Clanship Politics: a critical analysis
So much has been said about Kulmiye being the saviour of Somaliland. So much has also been said about Udub being defunct of sound political, economic and social development plans. Whilst the latter is perhaps true to some extent, less has, however, been said of the deep seated structural constrains to our nation building i.e. the political impasse and the ineffectual political machinery. This paper argues that some of the most fundamental issues facing our emerging nation pre-date President Riyale’s government and will, in all likelihood, continue to exist long after he is gone. I maintain that the fundamental causes of what befell us are much more complex than they appear on the surface, and surely than opposition parties would have us believe. In fairness nothing dulls the mind more than accepting on face value that Udub is the culprit of current impasse. I use the term ‘impasse’ because in the present context of the turmoil in the troubled Horn of Africa, some might not agree that Somaliland has a problem to start with. I partly agree to this. There is peace and stability (rare commodities in the Horn) and the private sector business is booming. But whilst these are necessary conditions, they are however not sufficient for the building of a viable nation state. The focus of this paper is the dead-end clanship politics which has turned our nation building on its head.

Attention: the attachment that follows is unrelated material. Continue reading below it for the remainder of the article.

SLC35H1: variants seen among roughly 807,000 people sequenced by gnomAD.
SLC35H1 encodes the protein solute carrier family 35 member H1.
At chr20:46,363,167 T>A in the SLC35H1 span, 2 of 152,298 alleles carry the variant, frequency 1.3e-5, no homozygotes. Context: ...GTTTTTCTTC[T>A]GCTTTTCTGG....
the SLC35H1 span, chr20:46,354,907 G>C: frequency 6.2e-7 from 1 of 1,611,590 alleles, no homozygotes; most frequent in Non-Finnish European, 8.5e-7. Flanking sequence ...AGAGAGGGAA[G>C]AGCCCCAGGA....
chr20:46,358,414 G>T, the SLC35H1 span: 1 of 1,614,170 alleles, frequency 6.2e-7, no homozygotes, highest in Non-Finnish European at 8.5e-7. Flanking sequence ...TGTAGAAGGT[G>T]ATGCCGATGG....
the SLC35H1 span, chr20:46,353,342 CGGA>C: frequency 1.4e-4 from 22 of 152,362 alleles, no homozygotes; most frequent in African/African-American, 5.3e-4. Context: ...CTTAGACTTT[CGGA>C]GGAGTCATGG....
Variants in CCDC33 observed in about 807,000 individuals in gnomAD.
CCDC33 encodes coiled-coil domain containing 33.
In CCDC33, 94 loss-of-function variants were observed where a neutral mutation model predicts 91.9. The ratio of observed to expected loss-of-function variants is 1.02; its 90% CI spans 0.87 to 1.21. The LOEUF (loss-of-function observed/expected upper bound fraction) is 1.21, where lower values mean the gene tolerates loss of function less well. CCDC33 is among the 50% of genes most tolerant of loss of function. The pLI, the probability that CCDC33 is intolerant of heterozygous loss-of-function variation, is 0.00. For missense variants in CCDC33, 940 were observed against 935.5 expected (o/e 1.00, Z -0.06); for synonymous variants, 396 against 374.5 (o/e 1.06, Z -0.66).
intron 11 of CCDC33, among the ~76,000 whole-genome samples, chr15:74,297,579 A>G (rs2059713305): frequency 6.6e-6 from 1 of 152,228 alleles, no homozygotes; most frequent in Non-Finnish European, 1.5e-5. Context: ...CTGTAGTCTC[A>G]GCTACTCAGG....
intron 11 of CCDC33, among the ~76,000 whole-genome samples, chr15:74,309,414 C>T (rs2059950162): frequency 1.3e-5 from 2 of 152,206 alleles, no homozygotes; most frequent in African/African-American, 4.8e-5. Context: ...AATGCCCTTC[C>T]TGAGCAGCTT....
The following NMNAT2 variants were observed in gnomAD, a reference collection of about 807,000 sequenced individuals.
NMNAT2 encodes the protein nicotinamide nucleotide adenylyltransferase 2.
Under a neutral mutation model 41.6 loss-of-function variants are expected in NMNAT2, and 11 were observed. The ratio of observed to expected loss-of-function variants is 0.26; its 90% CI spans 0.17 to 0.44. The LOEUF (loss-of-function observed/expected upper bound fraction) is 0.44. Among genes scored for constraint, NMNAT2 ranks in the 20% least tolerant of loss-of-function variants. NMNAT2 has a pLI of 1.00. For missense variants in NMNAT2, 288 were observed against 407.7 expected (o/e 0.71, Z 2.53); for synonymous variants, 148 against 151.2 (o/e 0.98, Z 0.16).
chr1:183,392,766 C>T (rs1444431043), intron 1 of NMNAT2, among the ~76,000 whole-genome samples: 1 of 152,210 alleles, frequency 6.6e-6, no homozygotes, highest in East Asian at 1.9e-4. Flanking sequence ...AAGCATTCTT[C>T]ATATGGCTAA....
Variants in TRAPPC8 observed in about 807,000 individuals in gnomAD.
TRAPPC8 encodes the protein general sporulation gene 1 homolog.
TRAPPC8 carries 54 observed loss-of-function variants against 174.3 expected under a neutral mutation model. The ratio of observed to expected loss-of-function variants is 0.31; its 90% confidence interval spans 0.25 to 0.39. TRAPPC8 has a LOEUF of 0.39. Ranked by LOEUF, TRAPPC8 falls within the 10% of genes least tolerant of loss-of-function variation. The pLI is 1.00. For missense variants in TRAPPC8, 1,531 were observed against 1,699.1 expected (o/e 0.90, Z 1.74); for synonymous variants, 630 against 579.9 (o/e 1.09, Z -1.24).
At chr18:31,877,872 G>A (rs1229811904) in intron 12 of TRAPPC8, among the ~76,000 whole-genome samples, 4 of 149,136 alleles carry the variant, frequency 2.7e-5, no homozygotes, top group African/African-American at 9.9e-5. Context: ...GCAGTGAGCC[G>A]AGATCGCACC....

But before embarking on the vicious impact of clanship politics, let me first point out that it would be naive to suggest that social organisation based on genealogical arrangements has no role to play in Somaliland political system. Both in good and bad times Somalis have had to live with the dictates of a social system that is arranged along genealogical lines. Wars were fought and peace deals struck in which clan thinking played instrumental role. It is not only an integral part of the Somali social fabric, cultural heritage and (semi)-political life, but also in the defining days of Somaliland in early 90s, clan elders played and still continue to play an ingenious role in the reconciliation process, peace building and peace maintenance. This seemingly positive aspect of clan politics is undisputable; ‘seemingly’ because (as will appear later) solutions brought about by clan based thinking are not self evident. They merely resolve problems they create. Nonetheless those well-versed in the traditional social structure were formally recognized and provisions were made for them in the form of Guurti or House of Elders. But true as it may be, the role of Guurti is often used to over explain peace and stability Somalilanders are so proud of.